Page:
Calder Casino May Lose Slots License

by | 05.24.2019 | 4:20pm
Sign welcoming racing fans to Calder in the early stages of the grandstand's demolition

Churchill Downs Inc.'s Calder Casino in South Florida is in danger of losing its slots license after an administrative law judge ruled that the operation is not compliant with state law because of the absence of a “contiguous and connected” building from which to conduct wagering on live racing.

Without compliant live racing, Calder would not have been able to maintain a slots license, which it first acquired in 2009. Live race meets at Calder are now operated by Gulfstream Park under the name Gulfstream Park West, even though the Calder grandstand was razed in 2015.

Administrative law judge John G. Van Laningham on Friday issued a recommendation that Florida's Department of Business and Professional Regulation, Division of Pari-Mutuel Wagering, enter a final order denying Calder's application for renewal of a slot machine license for the fiscal year 2018-19. The recommendation could jeopardize a renewal of the annual license, which expires July 9, 2019.

It wasn't immediately clear how the recommendation may affect Calder's scheme to eventually connect a pari-mutuel permit for a recently opened jai-alai fronton on the Calder property to the slots casino.

The 2018-19 renewal of the Calder slots license was challenged by the Florida Horsemen's Benevolent and Protective Association, even though it could cost horsemen millions of dollars in annual purses. Under the current agreement between the FHBPA and Calder, 10% of slots revenue goes to purses, about $9 million of $90 million in annual slots revenue. That agreement expires Dec. 31, 2020.

The FHBPA challenged whether the Department of Business and Professional Regulation, Division of Pari-Mutuel Wagering, violated Florida statute in approving Calder's slots license when the casino was built in a separate building that was not directly adjacent to the racetrack's grandstand. The law approving slots states that a gaming facility may be located in a separate building if it is “contiguous and connected to” the facility for wagering on live races.

Van Laningham wrote that the requirement “thus guards against the slot machine operation from becoming the tail that wags the dog, by requiring at least a kind of structural parity between the live gaming area (for racing) and the slots machine building.”

Following a similar arrangement at the Pompano Park harness track and slots casino, the Department of Business and Professional Regulation said a covered walkway between the slots and live wagering buildings would suffice to remain compliant.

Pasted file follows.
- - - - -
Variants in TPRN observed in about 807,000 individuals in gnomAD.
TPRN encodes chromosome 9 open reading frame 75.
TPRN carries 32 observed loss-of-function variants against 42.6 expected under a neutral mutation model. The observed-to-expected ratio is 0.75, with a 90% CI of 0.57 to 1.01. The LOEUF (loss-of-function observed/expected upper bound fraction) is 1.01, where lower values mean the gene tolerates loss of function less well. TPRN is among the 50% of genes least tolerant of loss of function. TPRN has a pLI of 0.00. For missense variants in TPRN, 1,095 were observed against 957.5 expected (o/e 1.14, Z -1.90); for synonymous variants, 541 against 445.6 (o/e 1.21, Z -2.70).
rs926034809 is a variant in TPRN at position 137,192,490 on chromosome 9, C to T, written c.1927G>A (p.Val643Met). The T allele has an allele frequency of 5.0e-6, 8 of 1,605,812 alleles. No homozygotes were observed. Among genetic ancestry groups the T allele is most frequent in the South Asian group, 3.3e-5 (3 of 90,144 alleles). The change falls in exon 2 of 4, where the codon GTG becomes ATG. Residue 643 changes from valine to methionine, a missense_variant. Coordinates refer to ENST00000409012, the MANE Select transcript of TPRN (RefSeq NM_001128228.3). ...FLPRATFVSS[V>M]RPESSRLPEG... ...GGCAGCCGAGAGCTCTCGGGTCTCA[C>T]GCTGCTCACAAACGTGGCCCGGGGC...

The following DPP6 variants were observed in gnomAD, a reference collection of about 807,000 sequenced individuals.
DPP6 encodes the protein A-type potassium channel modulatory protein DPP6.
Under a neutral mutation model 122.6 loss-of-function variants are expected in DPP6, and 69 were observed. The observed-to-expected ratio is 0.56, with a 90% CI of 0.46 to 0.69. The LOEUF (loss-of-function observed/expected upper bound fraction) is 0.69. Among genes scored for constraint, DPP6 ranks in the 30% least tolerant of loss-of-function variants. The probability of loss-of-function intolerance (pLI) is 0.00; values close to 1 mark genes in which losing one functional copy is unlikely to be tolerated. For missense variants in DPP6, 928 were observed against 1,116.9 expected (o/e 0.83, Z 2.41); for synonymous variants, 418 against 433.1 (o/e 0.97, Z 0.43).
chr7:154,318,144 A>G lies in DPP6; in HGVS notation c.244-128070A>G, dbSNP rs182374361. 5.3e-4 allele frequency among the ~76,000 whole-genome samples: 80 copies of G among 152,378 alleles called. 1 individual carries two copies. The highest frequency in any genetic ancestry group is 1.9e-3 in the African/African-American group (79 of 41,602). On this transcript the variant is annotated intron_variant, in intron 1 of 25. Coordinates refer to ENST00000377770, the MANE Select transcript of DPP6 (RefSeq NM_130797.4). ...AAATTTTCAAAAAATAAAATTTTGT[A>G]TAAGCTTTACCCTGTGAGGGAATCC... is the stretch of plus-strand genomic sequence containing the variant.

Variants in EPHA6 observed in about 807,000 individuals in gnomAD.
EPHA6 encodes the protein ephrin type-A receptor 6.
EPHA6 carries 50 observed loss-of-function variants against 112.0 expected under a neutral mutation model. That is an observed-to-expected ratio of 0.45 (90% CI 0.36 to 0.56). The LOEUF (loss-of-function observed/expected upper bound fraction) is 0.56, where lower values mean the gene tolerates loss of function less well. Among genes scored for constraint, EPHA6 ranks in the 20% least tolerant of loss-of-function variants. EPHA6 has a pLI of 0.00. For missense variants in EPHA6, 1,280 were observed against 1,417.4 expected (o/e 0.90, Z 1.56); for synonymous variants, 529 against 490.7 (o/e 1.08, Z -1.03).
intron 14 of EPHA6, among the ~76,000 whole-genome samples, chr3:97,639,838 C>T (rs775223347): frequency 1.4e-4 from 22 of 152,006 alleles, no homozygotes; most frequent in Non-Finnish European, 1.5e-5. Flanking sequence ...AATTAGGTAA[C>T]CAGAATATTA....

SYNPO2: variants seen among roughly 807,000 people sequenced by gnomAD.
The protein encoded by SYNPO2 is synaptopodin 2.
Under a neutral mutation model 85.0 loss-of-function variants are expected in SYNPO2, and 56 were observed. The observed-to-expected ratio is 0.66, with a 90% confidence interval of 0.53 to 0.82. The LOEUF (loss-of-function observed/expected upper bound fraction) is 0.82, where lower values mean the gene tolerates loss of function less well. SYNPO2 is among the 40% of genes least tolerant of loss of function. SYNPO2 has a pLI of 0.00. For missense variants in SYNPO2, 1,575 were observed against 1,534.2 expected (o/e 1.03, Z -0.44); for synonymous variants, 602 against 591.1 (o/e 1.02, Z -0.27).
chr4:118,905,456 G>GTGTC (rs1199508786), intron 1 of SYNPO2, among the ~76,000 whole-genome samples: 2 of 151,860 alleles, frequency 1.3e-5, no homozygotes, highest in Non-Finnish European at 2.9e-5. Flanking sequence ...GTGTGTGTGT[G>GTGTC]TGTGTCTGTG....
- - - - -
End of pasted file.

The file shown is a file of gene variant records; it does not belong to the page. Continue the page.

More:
However, when the Calder grandstand was torn down and the live racing area moved to the apron of the racetrack, there was no covered walkway or permanent building in which to wager.

“Consider Calder's current configuration,” Van Laningham wrote. “For slot machines, there is a new casino. For live gaming, in stark contrast, there is a collapsible canopy tent where the grandstand used to be, near the apron, and some outdoor seating, trackside. The unmistakable message is that the live horse races, having declined in popularity, have been degraded, demoted, reduced to second-class status; horse racing is no longer the main attraction, but an afterthought.

“Almost certainly, the legislature wanted to prevent slot machine gaming from cannibalizing the preexisting live gaming business, which would be a reasonably foreseeable consequence of building a brand new slot machine gaming facility or casino at some distance from the current live gaming (racing) facility.”

Florida statute “clearly and unambiguously mandates that the live gaming facility (for racing) be a building,” Van Laningham wrote in his opinion. “Calder's current 'live viewing area' is not a compliant 'live gaming facility.'

“Because Calder does not have a compliant live gaming (racing) facility, its casino is not 'contiguous and connected to' a live gaming facility as required by (statute). Even if Calder's 'live viewing area' were a compliant live gaming (racing) facility, which it is not, Calder's slots machine building is not 'contiguous and connected to' the 'live viewing area.'

“Based on the foregoing Findings of Fact and Conclusions of Law, it is RECOMMENDED that the Department of Business and Professional Regulation, Division of Pari-Mutuel Wagering, enter a final order denying Calder's application for renewal of its slot machine license for the fiscal year 2018-19.”

In the wake of the recommendation by the administrative law judge to strip the Calder Casino of its slots license, Florida HBPA president Stephen Screnci said, “It's unfortunate it came down to this. If they had followed the statute that was required, none of this would have been necessary.”

Read the administrative law judge's recommended order.

CORRECTION: The agreement between Calder and the Florida HBPA on slot machine revenue expires Dec. 31, 2020. An earlier version of this article had the incorrect date.

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